“Are we putting all of these on the tree?” The Spouse asked incredulously as if he’s forgotten that we somehow always manage to fit them onto the tree quite nicely, with the exception of the glass balls we bought when we shared our first tree together (back in 1991!) in order to take up all the empty space that’s now consumed by 20 years worth of ornament collecting.

Surprisingly, there was no bickering about the lights – which The Spouse and The Eldest Boy calmly placed on the tree – and no fighting over who got to put which ornament onto the tree.

Only one ornament was broken and it was my fault. I accidentally knocked the Rudolph and Hermie the elf ornament (where Rudolph’s nose lights up if you press a button) onto the floor, decapitating Hermie and knocking off his left hand, onto which the string to hang it was attached. I was able to pop Hermie’s head back into place pretty easily, but his hand is unfixable. Now that ornament is sitting on the mantle, a testament to my clumsiness.

After the decorating, we shut off all the lights, grabbed candy canes and sacked out on the sofa for several minutes to admire our handiwork. Not bad, not bad at all.

Just in Time for the Holidays: Movies About Parents

Two boys get into a fight. Their parents get together to calmly and rationally discuss the incident and devise some sort of mutually satisfactory remedy. That’s the premise of the movie Carnage (with Kate Winslet and Jodie Foster) set to open in “select theaters” tomorrow. (I hate it when they “selectively” open a movie.) But, as one might expect, the conflict escalates between the four, affluent parents during the uncomfortable face-off. Things get ugggg-ly. This is a film I’m putting on my “To Watch” list.

One new film (not yet released) which intrigues me yet I’m kind of hesitant to see because I’m afraid I’ll become a bawling mess is Extremely Loud and Incredibly Close about an 11-year-old boy whose father was killed in the 9/11 attacks in New York City. While going through his dead father's belongings he finds a key and goes on a quest to find out what it opens. The boy, Oskar, and his dad (played by Tom Hanks) used to collaborate on “expeditions” around the city to encourage the boy to seek, to learn and to overcome fears. The key is the unifying metaphor. With Sandra Bullock playing Oskar’s grieving mother, I’m sure the film will be powerful, but I’d need to be in the right frame of mind to see it, and need to bring a giant box of tissues.

I’ve already seen the smart, funny, tear-jerker The Descendants, starring George Clooney -- who’s a distant father and husband and, after his wife has an accident and goes into a coma, learns that he didn’t really know his daughters or his wife at all – and I highly recommend it. (I wrote a column about the film’s question of whether we ever really know our parents or allow our parents to know us here.) Seeing Clooney as a slouchy, well meaning, confused middle-aged dad in loud, ugly Hawaiian shirts is worth the price of admission.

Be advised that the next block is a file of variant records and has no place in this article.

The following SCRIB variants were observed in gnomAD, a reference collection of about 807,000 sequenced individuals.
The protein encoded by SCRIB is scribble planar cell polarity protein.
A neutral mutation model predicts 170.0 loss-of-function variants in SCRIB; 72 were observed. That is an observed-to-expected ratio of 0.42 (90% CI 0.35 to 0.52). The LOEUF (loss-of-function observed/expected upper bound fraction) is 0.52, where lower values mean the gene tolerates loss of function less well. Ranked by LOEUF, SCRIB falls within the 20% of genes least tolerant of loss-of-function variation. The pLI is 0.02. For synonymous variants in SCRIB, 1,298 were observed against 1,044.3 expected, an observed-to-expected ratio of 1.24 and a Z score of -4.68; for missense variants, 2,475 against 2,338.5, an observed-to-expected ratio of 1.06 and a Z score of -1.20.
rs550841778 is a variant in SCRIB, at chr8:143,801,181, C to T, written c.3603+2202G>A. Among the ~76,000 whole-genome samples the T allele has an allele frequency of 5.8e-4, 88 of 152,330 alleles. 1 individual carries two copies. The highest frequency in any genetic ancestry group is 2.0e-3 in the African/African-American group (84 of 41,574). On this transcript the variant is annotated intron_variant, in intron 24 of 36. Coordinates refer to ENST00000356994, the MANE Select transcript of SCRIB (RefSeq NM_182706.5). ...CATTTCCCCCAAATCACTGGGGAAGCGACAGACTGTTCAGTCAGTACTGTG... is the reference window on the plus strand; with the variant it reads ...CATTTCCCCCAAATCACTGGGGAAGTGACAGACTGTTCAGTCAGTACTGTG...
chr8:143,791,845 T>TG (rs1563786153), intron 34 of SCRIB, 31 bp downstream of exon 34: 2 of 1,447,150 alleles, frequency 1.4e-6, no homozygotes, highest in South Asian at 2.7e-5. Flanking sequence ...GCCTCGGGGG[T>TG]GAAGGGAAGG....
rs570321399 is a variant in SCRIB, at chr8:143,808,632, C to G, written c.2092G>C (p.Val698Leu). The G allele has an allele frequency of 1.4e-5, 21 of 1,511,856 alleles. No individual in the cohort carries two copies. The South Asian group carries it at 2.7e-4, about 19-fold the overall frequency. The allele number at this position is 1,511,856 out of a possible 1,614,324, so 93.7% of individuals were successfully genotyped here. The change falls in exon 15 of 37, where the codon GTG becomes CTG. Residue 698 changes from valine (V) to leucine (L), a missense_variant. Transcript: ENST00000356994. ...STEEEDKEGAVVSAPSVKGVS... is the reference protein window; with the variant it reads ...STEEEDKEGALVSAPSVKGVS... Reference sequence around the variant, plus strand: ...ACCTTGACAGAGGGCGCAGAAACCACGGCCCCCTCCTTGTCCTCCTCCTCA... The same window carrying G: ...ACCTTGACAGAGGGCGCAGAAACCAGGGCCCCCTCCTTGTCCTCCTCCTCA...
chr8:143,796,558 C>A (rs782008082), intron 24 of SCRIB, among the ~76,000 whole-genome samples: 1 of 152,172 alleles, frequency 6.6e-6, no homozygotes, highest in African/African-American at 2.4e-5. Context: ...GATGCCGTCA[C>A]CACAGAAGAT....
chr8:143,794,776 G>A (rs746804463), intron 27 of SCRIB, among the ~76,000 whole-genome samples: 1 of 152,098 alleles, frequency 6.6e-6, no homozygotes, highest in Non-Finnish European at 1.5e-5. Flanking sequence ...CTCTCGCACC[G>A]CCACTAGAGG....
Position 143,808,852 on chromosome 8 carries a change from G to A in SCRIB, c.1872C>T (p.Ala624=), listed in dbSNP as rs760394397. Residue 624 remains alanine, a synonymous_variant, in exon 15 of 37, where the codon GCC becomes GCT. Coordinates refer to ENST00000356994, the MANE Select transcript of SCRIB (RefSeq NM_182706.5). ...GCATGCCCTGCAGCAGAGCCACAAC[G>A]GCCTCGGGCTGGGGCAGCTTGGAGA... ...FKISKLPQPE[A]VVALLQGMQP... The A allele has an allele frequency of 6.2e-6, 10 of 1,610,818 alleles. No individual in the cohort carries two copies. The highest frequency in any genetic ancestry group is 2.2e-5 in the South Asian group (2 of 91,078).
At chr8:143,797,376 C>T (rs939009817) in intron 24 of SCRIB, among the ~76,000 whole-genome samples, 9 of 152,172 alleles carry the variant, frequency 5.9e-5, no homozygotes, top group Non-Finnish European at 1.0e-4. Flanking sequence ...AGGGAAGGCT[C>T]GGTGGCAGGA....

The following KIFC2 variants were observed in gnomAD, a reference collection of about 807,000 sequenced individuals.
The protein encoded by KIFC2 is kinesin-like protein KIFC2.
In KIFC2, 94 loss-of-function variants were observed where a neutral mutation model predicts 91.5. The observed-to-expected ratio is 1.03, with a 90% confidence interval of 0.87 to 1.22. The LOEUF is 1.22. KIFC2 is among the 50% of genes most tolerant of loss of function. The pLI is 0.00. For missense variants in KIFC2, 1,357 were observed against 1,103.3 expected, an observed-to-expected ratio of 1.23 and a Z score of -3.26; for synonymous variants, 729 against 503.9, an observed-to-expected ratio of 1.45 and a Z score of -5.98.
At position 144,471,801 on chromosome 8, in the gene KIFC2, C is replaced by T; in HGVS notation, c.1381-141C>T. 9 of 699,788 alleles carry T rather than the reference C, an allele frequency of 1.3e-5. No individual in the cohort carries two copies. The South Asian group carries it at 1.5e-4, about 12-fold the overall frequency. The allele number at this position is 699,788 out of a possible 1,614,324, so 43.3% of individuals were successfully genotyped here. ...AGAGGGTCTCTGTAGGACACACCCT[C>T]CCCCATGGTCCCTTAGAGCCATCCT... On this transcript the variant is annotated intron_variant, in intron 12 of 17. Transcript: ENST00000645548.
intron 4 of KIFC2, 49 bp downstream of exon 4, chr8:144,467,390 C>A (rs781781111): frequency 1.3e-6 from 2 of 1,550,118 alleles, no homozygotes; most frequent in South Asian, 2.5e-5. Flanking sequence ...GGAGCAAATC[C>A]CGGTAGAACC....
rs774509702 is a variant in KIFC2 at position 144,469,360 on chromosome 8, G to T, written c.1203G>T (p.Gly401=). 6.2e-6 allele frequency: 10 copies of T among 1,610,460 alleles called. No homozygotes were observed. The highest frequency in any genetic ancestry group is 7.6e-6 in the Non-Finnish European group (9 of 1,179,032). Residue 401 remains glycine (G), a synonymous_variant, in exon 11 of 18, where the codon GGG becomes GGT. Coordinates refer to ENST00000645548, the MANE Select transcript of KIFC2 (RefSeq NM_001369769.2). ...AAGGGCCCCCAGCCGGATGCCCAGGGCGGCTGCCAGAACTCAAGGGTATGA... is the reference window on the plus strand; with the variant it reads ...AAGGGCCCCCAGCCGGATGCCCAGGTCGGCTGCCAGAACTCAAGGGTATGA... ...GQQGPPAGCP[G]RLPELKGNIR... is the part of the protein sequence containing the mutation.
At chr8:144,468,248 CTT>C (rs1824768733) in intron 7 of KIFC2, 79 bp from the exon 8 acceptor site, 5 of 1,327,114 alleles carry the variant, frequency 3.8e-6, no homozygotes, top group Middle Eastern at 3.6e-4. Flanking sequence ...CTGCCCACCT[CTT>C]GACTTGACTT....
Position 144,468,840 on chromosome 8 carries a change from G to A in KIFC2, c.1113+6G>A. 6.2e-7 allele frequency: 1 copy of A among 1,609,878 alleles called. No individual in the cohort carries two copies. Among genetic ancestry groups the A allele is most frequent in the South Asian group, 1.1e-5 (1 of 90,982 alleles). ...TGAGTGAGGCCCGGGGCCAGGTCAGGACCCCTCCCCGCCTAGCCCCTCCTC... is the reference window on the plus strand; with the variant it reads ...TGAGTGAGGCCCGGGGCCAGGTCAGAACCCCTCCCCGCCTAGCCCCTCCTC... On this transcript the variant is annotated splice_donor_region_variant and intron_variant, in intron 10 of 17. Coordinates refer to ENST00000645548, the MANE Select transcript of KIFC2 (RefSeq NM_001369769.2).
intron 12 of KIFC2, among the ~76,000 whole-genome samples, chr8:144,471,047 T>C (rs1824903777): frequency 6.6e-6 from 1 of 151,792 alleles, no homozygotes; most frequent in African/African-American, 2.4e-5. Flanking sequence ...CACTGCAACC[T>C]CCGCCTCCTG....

What films are you looking forward to seeing over the next few weeks?

Friday, December 9, 2011

So How's the Christmas Zen Thing Going? Tenuously . . .

I’m trying, fighting against the odds, to maintain my grip on this Christmas Zen thing to which I vowed to adhere in order to keep myself from going crazy during the harried holiday season in my interfaith home. But life is not making it easy, nor are the folks on the radio, TV and elsewhere who delight in telling us how few “shopping days” there are left before Christmas arrives. It’s stressing the hell out of me and I really wish they’d just knock it off.

Not only that, but it feels as though a million little things keep coming at us, affording me precious little time to breathe never mind enjoy the season, stuff like shows for the school bands the boys are in (one which required me to run to stores the night before and buy The Eldest Boy a black dress shirt), a book swap at The Youngest Boy’s school (I forgot to sign and send in the paper to give him permission to participate), the Secret Santa in The Eldest Boy’s French class (he just asked me to take him out to buy something for his person), the specific gifts I’m supposed to get for the Giving Tree at church and submit (wrapped) on Sunday, making sure not to forget to attend one of my niece’s performances of The Nutcracker before it’s too late, and getting Max’s ridiculously long -- now partially knotted – Havanese/Wheaten Terrier hair cut (his regular groomer has been ill and we’ve been putting it off).

No, The Spouse and I haven’t started Christmas shopping for our family yet, though we’ve had rushed conversations in dribs and drabs over the phone or just before we’re about to pass out from exhaustion at night about what we think we should get the Picket Fence Post Posse. I think we’re going to have to open a bottle of wine, boot up our laptops and plop onto the sofa together after the kids go to bed on Saturday night and get this shopping done online (and be prepared to pay extra for expedited shipping). At least I won’t have to battle traffic or wait in lines.

And while our personalized Christmas and Hanukkah photo cards have been delivered to the house, I haven’t yet sat down to address the cards and have everyone sign them. (I thought it would add a touch of humanity to have each member of the Picket Fence Post family sign the cards. I have a feeling I’m going to live to regret that wholesome decision.)

No, we haven’t gotten our tree yet.